Drive south, perhaps stopping at the blue-painted village of Júzcar en route, and you’ll arrive at Marbella, a popular holiday resort which could be an excellent late lunch option – although personally, I’d suggest not staying here and heading slightly further along the coast for more peaceful experience around Playa del Chaparral or Playa de Carvajal.
Driving time: Around 90-minutes, including detours
After a lazy day at the beach, it’s time to start the drive back to Malaga to end your one week Andalucia road trip. Absolutely try and stop on the way at the whimsical Colomares Monument near Benalmádena, a peculiarly shaped castle dedicated to Christopher Columbus.
If you have an early flight the next day, I’d suggest returning to Malaga a bit earlier so you can explore the city a little today instead.
Spend your last day exploring Malaga Old Town and the city’s highlights before your departure. Be sure to visit the 11th-century Moorish Alcazaba, the Teatro Romano de Málaga, or, if you’re an art fan, the Picasso Museum, home to a vast collection of his work.
If you’re lucky enough to have another week for your vacation or would prefer to chop and change some of these destinations, you have plenty of other options to choose from.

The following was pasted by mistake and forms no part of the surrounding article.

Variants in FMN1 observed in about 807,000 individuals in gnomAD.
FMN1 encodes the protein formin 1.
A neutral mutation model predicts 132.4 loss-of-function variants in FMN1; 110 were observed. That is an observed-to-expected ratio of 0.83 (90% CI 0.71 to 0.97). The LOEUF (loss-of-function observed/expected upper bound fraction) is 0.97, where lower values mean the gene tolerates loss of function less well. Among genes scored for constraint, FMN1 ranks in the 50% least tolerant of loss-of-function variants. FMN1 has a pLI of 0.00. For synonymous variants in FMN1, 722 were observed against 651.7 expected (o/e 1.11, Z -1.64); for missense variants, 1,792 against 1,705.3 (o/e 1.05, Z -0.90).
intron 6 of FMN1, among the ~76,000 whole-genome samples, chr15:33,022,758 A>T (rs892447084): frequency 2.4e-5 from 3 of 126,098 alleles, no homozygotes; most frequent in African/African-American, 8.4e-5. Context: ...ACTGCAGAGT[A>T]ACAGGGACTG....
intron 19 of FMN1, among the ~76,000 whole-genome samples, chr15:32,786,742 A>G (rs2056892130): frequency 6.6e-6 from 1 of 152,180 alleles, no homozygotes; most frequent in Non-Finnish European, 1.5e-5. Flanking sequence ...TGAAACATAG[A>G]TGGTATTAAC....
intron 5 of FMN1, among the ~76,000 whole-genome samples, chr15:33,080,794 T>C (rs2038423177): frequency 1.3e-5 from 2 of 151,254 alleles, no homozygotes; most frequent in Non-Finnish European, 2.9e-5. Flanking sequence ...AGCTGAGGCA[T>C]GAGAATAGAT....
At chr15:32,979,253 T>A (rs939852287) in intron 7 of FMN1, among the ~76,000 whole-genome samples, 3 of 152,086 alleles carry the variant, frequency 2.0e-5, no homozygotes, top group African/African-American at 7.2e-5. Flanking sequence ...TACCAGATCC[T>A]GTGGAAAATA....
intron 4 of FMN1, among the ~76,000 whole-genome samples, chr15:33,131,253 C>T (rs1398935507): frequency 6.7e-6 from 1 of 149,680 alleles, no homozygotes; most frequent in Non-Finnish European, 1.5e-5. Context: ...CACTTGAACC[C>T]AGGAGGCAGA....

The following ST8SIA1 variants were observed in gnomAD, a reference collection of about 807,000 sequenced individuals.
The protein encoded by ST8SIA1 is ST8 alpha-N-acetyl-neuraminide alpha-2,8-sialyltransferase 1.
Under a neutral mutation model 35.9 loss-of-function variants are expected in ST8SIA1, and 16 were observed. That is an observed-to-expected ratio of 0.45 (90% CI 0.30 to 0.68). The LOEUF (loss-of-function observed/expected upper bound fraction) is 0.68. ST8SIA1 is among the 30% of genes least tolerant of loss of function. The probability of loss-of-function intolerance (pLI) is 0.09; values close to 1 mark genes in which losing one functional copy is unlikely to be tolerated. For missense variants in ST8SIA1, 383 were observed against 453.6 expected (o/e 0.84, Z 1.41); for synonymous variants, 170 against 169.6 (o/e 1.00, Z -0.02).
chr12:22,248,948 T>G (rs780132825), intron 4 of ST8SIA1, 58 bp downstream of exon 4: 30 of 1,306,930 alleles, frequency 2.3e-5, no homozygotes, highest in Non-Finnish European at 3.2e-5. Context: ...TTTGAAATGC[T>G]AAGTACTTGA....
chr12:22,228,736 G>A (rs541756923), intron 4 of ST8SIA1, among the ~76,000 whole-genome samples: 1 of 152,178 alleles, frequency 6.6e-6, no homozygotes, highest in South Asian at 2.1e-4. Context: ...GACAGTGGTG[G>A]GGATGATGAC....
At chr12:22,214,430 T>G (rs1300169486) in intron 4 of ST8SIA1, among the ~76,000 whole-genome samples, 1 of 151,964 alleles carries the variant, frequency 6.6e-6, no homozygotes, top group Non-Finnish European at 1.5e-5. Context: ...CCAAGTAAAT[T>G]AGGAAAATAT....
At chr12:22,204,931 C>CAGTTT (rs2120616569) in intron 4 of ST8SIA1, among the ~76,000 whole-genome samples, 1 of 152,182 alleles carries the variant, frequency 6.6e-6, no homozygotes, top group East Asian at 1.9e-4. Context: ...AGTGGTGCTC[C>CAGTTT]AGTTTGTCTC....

There are so many things to do in Seville that I always suggest making it a three-day city break minimum, hence not including it in this Andalucia itinerary. With palaces aplenty, one of the most impressive and largest Gothic cathedrals in Europe, flamenco shows, and some of the most beautiful Islamic (Moorish) architecture in the country, such as the Royal Alcázar of Seville, this is a city that sizzles both in attractions and climate.
Gibraltar is an oddity. A tiny British Overseas Territory located at the southern tip of Spain, it’s quite a novelty to pay a visit and be transported to an English-speaking corner of the Iberian peninsula. The main attraction is the giant Rock of Gibraltar that dominates the landscape – just be careful of the monkeys on the climb up!
Arguably one of the most underrated cities in Europe, Cordoba is home to a trio of Unesco-listed sights, including the unique Mosque-Cathedral of Córdoba. This magnificent building was saved from destruction, unlike many of Spain’s Mosques from the Moorish period, and now blends two religions and architectural designs into one.
From Seville, it’s not far to drive to Portugal. Just be sure to ensure your car rental covers driving abroad, and then you’re free to head to any of the best places to visit in the Algarve. Stop at the Spanish border town of Ayamonte on the way (book a meal at LPA restaurant, it’s one of my favourites) and then explore the rocky bays and cliffs of Lagos’ Ponta da Piedade, enjoy some surf on the west coast, or hike along one of the most breathtaking cliff-top trails in the world, the Seven Hanging Valleys Trail.
However you choose to spend your one week Andalucia road trip, you really can’t go wrong. There are so many inviting beaches, villages and towns to explore that become reachable by a rental car that you’ll be in for a delicious treat on any detour you take.